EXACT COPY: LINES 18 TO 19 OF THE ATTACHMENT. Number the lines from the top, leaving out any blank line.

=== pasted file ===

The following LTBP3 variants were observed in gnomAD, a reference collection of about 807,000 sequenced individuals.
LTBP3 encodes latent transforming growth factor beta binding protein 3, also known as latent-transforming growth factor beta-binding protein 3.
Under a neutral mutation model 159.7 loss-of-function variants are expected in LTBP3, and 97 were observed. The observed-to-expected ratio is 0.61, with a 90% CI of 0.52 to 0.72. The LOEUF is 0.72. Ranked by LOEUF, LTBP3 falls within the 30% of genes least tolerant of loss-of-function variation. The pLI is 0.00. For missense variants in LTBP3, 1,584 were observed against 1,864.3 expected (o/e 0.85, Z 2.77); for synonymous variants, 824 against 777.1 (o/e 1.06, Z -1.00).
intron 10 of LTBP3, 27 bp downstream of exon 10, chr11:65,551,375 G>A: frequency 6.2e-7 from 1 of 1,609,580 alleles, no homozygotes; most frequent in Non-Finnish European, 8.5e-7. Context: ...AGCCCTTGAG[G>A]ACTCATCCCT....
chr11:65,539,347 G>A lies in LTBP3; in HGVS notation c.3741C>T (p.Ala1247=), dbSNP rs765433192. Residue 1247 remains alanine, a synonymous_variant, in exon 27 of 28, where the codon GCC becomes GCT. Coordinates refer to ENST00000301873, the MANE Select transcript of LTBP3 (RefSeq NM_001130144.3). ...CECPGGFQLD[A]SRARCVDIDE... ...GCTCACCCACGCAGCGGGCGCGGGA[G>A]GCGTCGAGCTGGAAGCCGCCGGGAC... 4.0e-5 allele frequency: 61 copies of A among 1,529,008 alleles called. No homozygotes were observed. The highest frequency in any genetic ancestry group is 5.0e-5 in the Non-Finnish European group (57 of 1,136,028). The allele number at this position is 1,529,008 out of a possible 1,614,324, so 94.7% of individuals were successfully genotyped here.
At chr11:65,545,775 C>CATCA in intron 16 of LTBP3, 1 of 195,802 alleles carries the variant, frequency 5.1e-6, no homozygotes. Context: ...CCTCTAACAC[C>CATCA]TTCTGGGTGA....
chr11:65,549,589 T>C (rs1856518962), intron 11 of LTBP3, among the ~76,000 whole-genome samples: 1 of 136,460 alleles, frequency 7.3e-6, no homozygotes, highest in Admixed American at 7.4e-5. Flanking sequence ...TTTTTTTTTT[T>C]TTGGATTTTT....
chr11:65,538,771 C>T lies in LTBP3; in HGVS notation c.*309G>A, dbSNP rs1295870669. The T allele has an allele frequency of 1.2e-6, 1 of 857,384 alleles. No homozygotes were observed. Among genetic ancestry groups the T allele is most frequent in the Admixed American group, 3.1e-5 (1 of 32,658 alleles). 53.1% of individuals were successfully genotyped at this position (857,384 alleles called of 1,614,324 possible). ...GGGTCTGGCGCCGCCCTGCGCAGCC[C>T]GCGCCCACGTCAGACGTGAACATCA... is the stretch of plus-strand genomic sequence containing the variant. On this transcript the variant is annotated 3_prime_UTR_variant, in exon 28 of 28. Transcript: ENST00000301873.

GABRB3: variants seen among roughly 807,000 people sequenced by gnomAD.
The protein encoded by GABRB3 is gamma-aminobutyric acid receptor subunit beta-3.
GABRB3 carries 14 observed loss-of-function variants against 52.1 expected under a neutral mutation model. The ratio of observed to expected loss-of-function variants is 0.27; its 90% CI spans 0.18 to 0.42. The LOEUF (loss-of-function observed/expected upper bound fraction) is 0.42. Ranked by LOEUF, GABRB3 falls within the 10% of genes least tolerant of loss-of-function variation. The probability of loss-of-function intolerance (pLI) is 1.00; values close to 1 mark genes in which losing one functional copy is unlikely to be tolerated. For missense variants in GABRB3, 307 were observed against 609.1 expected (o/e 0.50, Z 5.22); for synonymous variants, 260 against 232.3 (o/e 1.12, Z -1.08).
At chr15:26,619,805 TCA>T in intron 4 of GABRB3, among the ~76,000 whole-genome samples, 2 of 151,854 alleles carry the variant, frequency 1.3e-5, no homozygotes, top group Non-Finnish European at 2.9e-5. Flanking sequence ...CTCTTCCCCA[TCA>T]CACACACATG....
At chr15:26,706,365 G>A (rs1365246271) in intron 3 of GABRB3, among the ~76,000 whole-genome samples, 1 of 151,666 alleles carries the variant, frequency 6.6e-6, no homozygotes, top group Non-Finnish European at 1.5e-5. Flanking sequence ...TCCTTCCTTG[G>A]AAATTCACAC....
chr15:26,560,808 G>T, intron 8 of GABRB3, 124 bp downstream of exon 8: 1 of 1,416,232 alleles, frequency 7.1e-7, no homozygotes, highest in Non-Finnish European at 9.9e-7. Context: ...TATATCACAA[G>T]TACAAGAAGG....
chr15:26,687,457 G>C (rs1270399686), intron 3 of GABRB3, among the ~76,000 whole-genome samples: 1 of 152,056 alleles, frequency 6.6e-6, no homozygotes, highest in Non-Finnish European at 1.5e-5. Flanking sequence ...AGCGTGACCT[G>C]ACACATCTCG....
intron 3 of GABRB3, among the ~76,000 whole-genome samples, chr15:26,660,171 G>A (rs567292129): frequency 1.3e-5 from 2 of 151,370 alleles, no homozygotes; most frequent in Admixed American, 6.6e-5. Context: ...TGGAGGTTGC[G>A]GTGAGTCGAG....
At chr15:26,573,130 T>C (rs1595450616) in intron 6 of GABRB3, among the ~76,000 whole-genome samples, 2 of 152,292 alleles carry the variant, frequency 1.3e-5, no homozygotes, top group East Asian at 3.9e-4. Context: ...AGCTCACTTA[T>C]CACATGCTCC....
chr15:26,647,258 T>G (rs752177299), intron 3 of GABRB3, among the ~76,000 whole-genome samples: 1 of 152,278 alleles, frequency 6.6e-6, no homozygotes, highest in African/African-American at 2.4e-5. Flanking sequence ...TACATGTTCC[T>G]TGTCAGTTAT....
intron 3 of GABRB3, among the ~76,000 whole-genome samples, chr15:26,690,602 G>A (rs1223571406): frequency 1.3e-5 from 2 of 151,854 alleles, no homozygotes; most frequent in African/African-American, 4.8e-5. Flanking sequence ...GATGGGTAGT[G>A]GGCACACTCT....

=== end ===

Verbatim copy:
chr15:26,647,258 T>G (rs752177299), intron 3 of GABRB3, among the ~76,000 whole-genome samples: 1 of 152,278 alleles, frequency 6.6e-6, no homozygotes, highest in African/African-American at 2.4e-5. Flanking sequence ...TACATGTTCC[T>G]TGTCAGTTAT....
intron 3 of GABRB3, among the ~76,000 whole-genome samples, chr15:26,690,602 G>A (rs1223571406): frequency 1.3e-5 from 2 of 151,854 alleles, no homozygotes; most frequent in African/African-American, 4.8e-5. Flanking sequence ...GATGGGTAGT[G>A]GGCACACTCT....